We’ve all made new year’s resolutions, only to have broken them within a few weeks. This is because making a lasting change in behaviour is not easy or simple. The fact is it takes a lot of effort, emotion, commitment, support, and time.
The so-called ‘Wheel of Change’ [James Prochaska, Carlo Di-Clemente] was developed to help people to identify where they are in the cycle of change and to describe how lasting change comes about. An important element to realize is that change takes time and does not happen instantly. The responsibility for change lies within the individual, but support is a very important element.
The wheel of change can be applied to almost any situation, which could be weight loss, quitting sugar, giving up smoking, or any element of our life course, such as changing careers or relationships.
The theory is that to successfully change something in our lives, we need to go through key stages until the change is permanent. Additionally, we may need to go through it a number of times before the change sticks.
The wheel is used to identify which stage you or a friend or family member is at, and by identifying the stage, you can better understand what to do to move forward around the wheel.
Important principles to keep in mind
1. It’s quite natural to lapse at any point/stage of the cycle
2. The cycle is about learning, and if we lapse or relapse, a better understanding is gained about how and why it happened, what was working and what wasn’t
3. People can go through it a few times before the change is permanent – lapsing is not a failure!
4. Sharing the change, you are aiming to make with your friends or loved ones can help you to move to the next stage of the cycle
5. Change takes time and patience
There are 6 stages of the wheel of change
This stage means the person is not ready to change and has absolutely no intention to change or to take any action. There is usually denial or ignorance that there is a need to change and trying to persuade someone to change in the next 6 months will be a pointless exercise. If you are concerned about someone, it might be worth talking to that person about their current behaviour, while also acknowledging the decision to change is completely theirs.
Stage 2 is about contemplation that brings a realization that change is needed. What needs to change is clear and there is an awareness that change needs to happen. However, there will also be some hesitancy and it could be that you are feeling quite conflicted and thinking ‘I’m 50/50 about this’. At this stage, it’s helpful to weigh up the pros and cons. Starting to make a change may come within 6 months, but not in the immediate term. To support someone, you might talk about the positive outcome and benefits of making changes, to help move them to the next stage.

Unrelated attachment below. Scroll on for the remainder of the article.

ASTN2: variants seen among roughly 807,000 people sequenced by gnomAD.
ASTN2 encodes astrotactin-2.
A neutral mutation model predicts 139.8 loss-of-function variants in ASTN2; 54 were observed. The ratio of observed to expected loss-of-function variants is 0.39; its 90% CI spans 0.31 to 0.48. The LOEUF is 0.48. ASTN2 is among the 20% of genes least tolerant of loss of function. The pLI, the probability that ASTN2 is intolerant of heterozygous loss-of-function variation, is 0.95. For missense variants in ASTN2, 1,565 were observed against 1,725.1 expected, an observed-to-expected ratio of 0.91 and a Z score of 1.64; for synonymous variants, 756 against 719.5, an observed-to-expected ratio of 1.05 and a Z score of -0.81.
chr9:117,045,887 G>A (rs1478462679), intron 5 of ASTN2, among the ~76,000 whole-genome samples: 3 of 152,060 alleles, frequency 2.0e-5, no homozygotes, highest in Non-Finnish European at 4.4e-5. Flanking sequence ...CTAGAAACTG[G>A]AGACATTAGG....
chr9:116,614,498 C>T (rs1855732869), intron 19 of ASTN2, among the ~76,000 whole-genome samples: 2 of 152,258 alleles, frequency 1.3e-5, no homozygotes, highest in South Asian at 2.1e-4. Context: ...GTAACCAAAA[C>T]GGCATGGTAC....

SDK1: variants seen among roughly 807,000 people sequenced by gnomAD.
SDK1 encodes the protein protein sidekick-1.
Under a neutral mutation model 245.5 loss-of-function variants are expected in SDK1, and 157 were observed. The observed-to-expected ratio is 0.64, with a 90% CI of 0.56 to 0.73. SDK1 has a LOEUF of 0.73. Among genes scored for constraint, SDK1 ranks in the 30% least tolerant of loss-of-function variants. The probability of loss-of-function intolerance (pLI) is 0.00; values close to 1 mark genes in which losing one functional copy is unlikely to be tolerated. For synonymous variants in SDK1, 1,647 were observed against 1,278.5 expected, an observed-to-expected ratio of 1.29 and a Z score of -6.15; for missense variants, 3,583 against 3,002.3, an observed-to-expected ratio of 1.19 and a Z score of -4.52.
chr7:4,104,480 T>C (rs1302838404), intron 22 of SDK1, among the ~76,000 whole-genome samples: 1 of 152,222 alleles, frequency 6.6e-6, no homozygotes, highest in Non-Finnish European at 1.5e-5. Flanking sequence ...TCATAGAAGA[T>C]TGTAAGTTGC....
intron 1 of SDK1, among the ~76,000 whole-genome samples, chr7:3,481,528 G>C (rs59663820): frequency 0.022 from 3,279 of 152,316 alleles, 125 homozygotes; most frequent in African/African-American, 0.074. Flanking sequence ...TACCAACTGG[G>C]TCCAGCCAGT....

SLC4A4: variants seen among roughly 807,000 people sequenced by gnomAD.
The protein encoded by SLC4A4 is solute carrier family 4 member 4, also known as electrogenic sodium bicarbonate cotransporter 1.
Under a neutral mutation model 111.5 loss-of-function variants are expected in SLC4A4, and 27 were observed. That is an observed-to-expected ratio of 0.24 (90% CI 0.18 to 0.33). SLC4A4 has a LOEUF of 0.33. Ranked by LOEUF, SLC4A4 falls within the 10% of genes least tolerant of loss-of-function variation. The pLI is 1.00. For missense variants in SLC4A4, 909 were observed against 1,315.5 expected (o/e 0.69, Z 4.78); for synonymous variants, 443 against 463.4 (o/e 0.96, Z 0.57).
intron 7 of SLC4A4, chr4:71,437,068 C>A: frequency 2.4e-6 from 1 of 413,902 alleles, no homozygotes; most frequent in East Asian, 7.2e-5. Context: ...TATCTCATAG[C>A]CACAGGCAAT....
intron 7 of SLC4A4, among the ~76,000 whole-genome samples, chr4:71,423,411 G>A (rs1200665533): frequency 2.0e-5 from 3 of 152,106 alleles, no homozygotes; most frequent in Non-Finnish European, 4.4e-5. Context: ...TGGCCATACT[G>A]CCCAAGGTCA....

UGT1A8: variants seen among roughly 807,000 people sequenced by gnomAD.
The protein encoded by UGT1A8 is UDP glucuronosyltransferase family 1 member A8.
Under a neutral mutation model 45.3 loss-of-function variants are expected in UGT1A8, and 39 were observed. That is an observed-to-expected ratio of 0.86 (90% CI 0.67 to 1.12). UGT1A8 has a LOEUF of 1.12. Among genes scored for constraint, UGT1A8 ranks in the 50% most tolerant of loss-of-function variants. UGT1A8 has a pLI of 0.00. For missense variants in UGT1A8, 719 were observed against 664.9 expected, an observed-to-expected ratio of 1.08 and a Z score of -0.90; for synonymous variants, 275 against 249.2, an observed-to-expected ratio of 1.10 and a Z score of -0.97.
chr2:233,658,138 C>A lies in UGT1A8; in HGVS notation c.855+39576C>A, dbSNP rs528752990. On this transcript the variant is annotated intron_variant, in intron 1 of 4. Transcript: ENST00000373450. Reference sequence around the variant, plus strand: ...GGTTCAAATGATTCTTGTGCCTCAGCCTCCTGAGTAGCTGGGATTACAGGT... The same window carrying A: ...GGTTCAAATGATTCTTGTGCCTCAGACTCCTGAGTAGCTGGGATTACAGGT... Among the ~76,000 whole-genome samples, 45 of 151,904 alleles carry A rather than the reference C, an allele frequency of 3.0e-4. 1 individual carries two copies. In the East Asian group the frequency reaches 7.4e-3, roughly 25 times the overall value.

Experimental change starts to happen in baby steps, and this is where encouragement and positive thinking are needed. Having a plan of action, with goals in mind will help. Small steps are vital, to building confidence and momentum. It’s also important to understand what barriers to change exist, and how to overcome them, e.g., if you are trying to give up sugar, it might not be helpful if you have a partner who still wants chocolate in the home.
This is where real progress is made, where encouragement and support are vital, even some kind of reward, depending on what change is being made. It might also be helpful to build new connections, related to the action and change being made. It is important to remember the benefits of the change and reflect on how far you have come.
“The secret of change is to focus all of your energy, not on fighting the old, but on building the new” Socrates
Stage 5 is about sticking with the change that has been made for a long period of time, without temptation or relapsing to the previous stage. Confidence is higher and there will be new interests and connections made. The benefits of change are solidified.
It is important to be aware that relapsing at some stage is likely, and it may take several cycles of the wheel for permanent change to take place. It’s important not to see this as a failure, but to keep on trying to act. It is important to remember how far you have come and to understand the triggers that caused the relapse. Learn what worked and what to do differently going forward.
The wheel of change is a fantastic tool that can be used for ourselves and our personal circumstances, and/or for a friend or family member, to understand, help and support each other. Health coaches use the cycle of change to help, support, encourage and empower you to move through the stages and achieve your health and wellness goals.
“You are never too old to set another goal or to dream a new dream” CS Lewis
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